Published by Crown on June 5, 2012
On a warm summer morning in North Carthage, Missouri, it is Nick and Amy Dunne’s fifth wedding anniversary. Presents are being wrapped and reservations are being made when Nick’s clever and beautiful wife disappears. Husband-of-the-Year Nick isn’t doing himself any favors with cringe-worthy daydreams about the slope and shape of his wife’s head, but passages from Amy's diary reveal the alpha-girl perfectionist could have put anyone dangerously on edge. Under mounting pressure from the police and the media—as well as Amy’s fiercely doting parents—the town golden boy parades an endless series of lies, deceits, and inappropriate behavior. Nick is oddly evasive, and he’s definitely bitter—but is he really a killer?
My good friend accosted me with Gone Girl one day in the office and was like “YOU HAVE TO READ THIS. I HAVE TO SEE THIS MOVIE WITH YOU.” So, I read it. Truthfully, I devoured it. I read 50 pages the first day, 200 the second, and 175 the third. I came home from work, crawled in bed, and let Gillian Flynn take me on a wild ride.
I was spoiled on the big reveal at the beginning of section two by watching the trailer for the movie a few weeks ago. I though, “Eh, I’ll probably never get around to reading this book anyway.” Shows you how things change. Honestly, it didn’t make much of a difference. There were plenty of moments that I never saw coming. There were plenty of times when I furiously texted my friend with “WTF DID I JUST READ?” That is the beauty of Gone Girl. The major plot spoiler didn’t spoil the story. How many times does that happen?
Flynn crafts a psychological thriller hell-bent on making you examine your own identity.Who are you? Is the “you” presented to the world the “you” inside your head? More importantly, what happens when you show your true self to your partner and they end up hating you? I found these identity issues so intriguing. Amy’s definition of “Cool Girl” is rather spot on.
Men always say that as the defining compliment, don’t they? She’s a cool girl. Being the Cool Girl means I am a hot, brilliant, funny woman who adores football, poker, dirty jokes, and burping, who plays video games, drinks cheap beer, loves threesomes and anal sex, and jams hot dogs and hamburgers into her mouth like she’s hosting the world’s biggest culinary gang bang while somehow maintaining a size 2, because Cool Girls are above all hot. Hot and understanding. Cool Girls never get angry; they only smile in a chagrined, loving manner and let their men do whatever they want. Go ahead, shit on me, I don’t mind, I’m the Cool Girl.
My husband reminded me a few weeks ago that before our first date I said “I love football!” That’s not entirely true. I like going to football games. I don’t really like watching it on TV. I was really just angling to get him to ask me to go to a football game. Luckily, I feel like I can be myself with him so I dodged a bullet. But I was horrified when I realized that even I tried to be “Cool Girl” to some extent. I wanted him to like me so badly that I fibbed about myself to make him go that extra mile. But isn’t that what we all do? Don’t we all try to be our ideal selves with a new partner before we let our guard down and let them see who we really are? I love that Flynn made Nick AND Amy do this. They both hid themselves from one another. It’s not just a male or a female “thing.” It’s a part of the human condition. We all do it.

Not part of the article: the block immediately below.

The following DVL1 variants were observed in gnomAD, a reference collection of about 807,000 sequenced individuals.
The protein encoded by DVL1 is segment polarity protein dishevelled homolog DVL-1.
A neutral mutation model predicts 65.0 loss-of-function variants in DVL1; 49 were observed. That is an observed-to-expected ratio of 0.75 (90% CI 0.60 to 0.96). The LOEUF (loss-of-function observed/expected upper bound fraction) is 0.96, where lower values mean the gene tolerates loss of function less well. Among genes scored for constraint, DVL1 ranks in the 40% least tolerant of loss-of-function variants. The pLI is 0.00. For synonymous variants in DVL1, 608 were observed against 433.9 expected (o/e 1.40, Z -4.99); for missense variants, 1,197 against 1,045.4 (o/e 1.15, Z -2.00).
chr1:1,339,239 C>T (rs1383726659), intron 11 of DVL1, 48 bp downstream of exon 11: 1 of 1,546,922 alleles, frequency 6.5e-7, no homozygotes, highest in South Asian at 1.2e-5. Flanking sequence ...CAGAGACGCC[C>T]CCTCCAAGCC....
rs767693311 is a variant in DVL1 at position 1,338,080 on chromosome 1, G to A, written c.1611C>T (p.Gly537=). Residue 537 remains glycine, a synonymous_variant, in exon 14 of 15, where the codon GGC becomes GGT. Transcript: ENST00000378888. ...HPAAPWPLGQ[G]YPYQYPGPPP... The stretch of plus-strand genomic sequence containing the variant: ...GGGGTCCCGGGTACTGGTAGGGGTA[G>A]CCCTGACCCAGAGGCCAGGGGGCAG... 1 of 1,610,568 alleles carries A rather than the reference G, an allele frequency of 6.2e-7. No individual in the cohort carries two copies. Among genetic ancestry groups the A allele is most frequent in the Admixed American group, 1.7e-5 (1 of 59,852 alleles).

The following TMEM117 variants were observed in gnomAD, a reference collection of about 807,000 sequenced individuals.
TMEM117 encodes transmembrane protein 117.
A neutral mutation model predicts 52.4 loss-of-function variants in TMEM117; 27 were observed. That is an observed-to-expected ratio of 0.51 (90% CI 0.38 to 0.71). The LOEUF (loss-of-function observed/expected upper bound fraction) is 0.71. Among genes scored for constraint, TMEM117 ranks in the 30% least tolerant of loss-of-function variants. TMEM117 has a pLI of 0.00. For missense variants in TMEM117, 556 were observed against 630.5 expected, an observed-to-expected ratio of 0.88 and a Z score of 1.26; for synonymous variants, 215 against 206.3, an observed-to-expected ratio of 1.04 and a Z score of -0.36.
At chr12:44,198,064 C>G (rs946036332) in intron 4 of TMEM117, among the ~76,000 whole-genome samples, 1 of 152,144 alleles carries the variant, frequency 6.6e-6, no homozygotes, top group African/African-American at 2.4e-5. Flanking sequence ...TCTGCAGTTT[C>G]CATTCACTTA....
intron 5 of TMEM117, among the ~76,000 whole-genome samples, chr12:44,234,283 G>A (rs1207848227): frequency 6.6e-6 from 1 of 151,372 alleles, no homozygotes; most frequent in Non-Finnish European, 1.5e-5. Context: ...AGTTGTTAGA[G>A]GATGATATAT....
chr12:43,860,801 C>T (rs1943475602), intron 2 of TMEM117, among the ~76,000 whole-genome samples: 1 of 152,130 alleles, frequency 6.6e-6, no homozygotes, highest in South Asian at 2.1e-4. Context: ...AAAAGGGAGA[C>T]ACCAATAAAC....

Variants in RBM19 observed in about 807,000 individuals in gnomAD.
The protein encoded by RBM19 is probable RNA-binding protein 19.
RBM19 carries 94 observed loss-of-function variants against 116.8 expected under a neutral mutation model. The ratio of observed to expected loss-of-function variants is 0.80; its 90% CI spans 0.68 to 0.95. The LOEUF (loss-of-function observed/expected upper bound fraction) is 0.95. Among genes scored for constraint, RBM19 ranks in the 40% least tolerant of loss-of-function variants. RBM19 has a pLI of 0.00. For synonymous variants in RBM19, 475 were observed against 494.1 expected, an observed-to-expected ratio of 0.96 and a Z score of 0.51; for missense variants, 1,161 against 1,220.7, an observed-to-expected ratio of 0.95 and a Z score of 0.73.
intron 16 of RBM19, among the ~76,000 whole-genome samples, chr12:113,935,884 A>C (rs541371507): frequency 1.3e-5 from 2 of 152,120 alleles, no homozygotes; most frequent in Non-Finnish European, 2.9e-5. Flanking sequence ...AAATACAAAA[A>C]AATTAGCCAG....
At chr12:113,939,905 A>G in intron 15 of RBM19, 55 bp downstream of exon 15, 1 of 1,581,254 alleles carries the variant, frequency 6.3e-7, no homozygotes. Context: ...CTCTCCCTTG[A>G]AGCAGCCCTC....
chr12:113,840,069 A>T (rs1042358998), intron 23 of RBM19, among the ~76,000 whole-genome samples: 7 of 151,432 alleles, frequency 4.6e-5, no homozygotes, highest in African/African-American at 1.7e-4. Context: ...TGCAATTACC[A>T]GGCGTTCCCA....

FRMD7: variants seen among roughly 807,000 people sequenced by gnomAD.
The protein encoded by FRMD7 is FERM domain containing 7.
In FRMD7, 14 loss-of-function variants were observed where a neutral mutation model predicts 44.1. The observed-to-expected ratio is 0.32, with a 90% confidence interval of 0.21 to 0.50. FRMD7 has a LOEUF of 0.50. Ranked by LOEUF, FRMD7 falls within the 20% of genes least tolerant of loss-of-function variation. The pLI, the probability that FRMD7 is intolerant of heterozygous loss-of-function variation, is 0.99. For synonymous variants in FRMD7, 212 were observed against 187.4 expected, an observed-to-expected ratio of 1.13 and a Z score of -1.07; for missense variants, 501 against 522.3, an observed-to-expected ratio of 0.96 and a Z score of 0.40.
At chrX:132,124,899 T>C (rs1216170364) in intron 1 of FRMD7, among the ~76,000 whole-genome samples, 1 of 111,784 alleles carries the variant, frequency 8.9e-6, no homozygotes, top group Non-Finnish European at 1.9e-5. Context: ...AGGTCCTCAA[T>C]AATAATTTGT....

I also thought Gone Girl was a treatise on how not to raise your children. I mean, Amy’s parents did a fantastic job screwing her up. Between all the lost Hopes and the Amazing Amy books, it’s no surprise that Amy is nuts. Certifiably nuts. Nick is included here too. His father basically negatively nurtured Nick’s emotional detachment from women. Why should he put himself on an emotional limb with women? They’re all “stupid bitches.” Let’s agree to not raise our children this way, okay?
This rest of this review is vaguely spoiler-y, FYI. I think the ending is my favorite part. Flynn takes a bold move ending Gone Girl the way she does. Readers expect the bad guy to get what is coming to him/her. I think a lot of people were upset when this doesn’t happen at the end of Gone Girl. But I think it’s bold and brilliant. It shows me that Flynn wrote the book SHE wanted to write rather than the book she knew that her audience would like. This kind of atypical ending really appeals to me. It makes me pay attention to the craft of writing. Isn’t the best punishment View Spoiler »for Nick and Amy just to stay with each other? « Hide Spoiler No one really gets what they want. Everyone is still pretending. No one is happy. I think it’s brilliant and I applaud Flynn for having the guts to write it that way.
Gone Girl left me feeling like equal parts voyeur and one who is surveiled. I’m reminded a lot of Michel Foucault’s theoretical work, Discipline and Punish: The Birth of the Prison, especially his theory about panopticism. He suggests that the always visible inmate is “the object of information, never a subject in communication.” Nick and Amy’s entire relationship is founded on secrecy and not communication with each other. They always talk about each other but never with each other. They’re both the object of each other’s communication but never the subject. My point here is that Flynn’s ending means that both of them are prisoners. And that, I think, is a brilliant ending.
© 2014, Jessica Workman Holland. All rights reserved.